What you need to know
When you business is doing well
If your company is healthy and solvent it doesn’t really matter that you as a director draw personal expenditure from the company bank account and your accountant adds them to your directors overdrawn loan account. The most you are likely to have to worry about is having to pay some tax on the loan.
Maybe instead of drawing a salary you regularly take out money and at the year end these are adjusted by your accountant as wages or dividends, depending on what your accountant believes is the best method for you own personal taxation, which again is also fine while the company is solvent.
When your business isn’t doing so well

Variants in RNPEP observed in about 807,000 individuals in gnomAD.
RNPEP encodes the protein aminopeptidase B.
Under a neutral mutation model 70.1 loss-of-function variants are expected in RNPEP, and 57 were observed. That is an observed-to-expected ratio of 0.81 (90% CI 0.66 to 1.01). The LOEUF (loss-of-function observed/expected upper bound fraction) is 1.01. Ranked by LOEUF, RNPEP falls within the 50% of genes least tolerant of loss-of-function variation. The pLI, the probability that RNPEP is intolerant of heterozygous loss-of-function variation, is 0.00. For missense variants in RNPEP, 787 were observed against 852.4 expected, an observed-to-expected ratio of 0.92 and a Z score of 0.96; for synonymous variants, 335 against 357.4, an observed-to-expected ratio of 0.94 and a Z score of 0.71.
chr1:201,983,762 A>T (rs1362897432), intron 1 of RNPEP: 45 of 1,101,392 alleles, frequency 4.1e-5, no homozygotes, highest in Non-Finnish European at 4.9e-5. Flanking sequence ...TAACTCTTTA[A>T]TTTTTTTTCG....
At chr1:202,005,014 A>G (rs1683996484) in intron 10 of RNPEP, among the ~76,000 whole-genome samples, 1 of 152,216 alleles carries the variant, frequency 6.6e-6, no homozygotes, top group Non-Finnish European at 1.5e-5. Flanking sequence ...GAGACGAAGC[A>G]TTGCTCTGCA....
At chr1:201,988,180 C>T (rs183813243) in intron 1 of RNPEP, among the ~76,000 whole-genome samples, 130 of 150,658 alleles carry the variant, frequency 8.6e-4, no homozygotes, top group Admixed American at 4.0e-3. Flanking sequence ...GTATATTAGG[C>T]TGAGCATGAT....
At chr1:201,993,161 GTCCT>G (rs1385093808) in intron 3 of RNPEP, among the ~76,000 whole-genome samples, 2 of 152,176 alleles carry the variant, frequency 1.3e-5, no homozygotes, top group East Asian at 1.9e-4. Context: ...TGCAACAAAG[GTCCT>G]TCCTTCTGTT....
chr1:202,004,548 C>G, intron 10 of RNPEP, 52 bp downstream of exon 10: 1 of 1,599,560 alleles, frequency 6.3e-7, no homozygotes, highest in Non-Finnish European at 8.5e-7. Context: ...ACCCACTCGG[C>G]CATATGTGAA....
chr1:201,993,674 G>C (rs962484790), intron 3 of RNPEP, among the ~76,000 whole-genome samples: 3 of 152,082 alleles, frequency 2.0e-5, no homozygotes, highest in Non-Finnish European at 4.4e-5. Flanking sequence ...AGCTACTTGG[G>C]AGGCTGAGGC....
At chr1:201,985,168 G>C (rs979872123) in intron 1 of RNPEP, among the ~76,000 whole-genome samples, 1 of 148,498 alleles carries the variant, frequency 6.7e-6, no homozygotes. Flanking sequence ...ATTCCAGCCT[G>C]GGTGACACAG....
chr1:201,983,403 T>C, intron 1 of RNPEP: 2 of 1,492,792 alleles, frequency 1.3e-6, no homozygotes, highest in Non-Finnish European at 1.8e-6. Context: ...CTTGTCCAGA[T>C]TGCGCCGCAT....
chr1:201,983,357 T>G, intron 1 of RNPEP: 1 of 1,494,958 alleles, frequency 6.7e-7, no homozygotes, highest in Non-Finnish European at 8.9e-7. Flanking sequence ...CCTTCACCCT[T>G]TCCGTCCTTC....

As soon as the company starts to face financial worries, the treatment of the loan account begins to become more of a concern.
If the company enters into an insolvent procedure and you as a company director owe money to the company by way of an overdrawn directors loan account, the liquidator will be requesting that this money is repaid to the company.
Liquidators have a duty to examine the books and records of the company and will look for any payments made to the director in at least the last year of trading.
It is therefore vital that if your company is showing signs of struggling that you seek early advice regarding how you are drawing money from the company.